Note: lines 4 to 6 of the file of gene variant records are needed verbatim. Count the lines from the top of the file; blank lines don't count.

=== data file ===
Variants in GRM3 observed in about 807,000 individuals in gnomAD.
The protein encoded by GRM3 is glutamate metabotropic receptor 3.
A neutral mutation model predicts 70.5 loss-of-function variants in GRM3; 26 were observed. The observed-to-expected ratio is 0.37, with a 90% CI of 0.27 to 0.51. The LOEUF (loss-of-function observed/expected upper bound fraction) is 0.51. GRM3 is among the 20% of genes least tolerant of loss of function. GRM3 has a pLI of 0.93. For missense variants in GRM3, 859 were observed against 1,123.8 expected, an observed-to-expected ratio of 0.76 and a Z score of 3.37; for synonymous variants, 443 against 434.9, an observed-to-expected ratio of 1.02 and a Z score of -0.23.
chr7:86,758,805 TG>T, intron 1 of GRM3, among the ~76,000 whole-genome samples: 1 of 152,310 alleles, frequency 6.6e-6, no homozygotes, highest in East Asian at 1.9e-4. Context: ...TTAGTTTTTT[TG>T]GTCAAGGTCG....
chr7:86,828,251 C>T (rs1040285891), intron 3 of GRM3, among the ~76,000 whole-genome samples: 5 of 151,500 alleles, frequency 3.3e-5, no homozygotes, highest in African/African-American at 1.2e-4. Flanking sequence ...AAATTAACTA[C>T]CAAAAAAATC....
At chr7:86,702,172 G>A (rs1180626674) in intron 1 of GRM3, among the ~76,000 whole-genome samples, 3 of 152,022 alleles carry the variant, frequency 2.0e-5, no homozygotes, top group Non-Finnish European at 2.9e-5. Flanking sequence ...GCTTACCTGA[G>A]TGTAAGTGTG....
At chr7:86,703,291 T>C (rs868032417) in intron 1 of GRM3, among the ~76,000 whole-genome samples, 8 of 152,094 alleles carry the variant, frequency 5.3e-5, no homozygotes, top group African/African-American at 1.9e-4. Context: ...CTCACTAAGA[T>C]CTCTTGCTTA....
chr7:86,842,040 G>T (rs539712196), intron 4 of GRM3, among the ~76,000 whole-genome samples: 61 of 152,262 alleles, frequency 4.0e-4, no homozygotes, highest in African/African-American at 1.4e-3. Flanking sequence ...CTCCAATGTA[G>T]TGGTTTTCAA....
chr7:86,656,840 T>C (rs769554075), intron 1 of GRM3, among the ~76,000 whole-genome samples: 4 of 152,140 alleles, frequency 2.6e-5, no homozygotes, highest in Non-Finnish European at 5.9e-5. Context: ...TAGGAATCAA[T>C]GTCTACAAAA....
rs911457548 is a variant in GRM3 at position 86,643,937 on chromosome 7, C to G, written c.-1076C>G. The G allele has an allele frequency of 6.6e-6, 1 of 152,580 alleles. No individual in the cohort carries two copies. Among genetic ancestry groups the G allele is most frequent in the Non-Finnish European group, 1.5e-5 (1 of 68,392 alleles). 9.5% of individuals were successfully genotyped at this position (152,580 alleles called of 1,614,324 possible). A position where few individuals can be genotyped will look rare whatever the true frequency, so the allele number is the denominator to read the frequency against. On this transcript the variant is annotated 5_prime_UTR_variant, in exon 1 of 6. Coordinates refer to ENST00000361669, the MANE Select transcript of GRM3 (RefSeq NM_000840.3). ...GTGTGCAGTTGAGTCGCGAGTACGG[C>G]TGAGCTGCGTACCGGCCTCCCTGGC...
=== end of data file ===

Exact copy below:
chr7:86,758,805 TG>T, intron 1 of GRM3, among the ~76,000 whole-genome samples: 1 of 152,310 alleles, frequency 6.6e-6, no homozygotes, highest in East Asian at 1.9e-4. Context: ...TTAGTTTTTT[TG>T]GTCAAGGTCG....
chr7:86,828,251 C>T (rs1040285891), intron 3 of GRM3, among the ~76,000 whole-genome samples: 5 of 151,500 alleles, frequency 3.3e-5, no homozygotes, highest in African/African-American at 1.2e-4. Flanking sequence ...AAATTAACTA[C>T]CAAAAAAATC....
At chr7:86,702,172 G>A (rs1180626674) in intron 1 of GRM3, among the ~76,000 whole-genome samples, 3 of 152,022 alleles carry the variant, frequency 2.0e-5, no homozygotes, top group Non-Finnish European at 2.9e-5. Flanking sequence ...GCTTACCTGA[G>A]TGTAAGTGTG....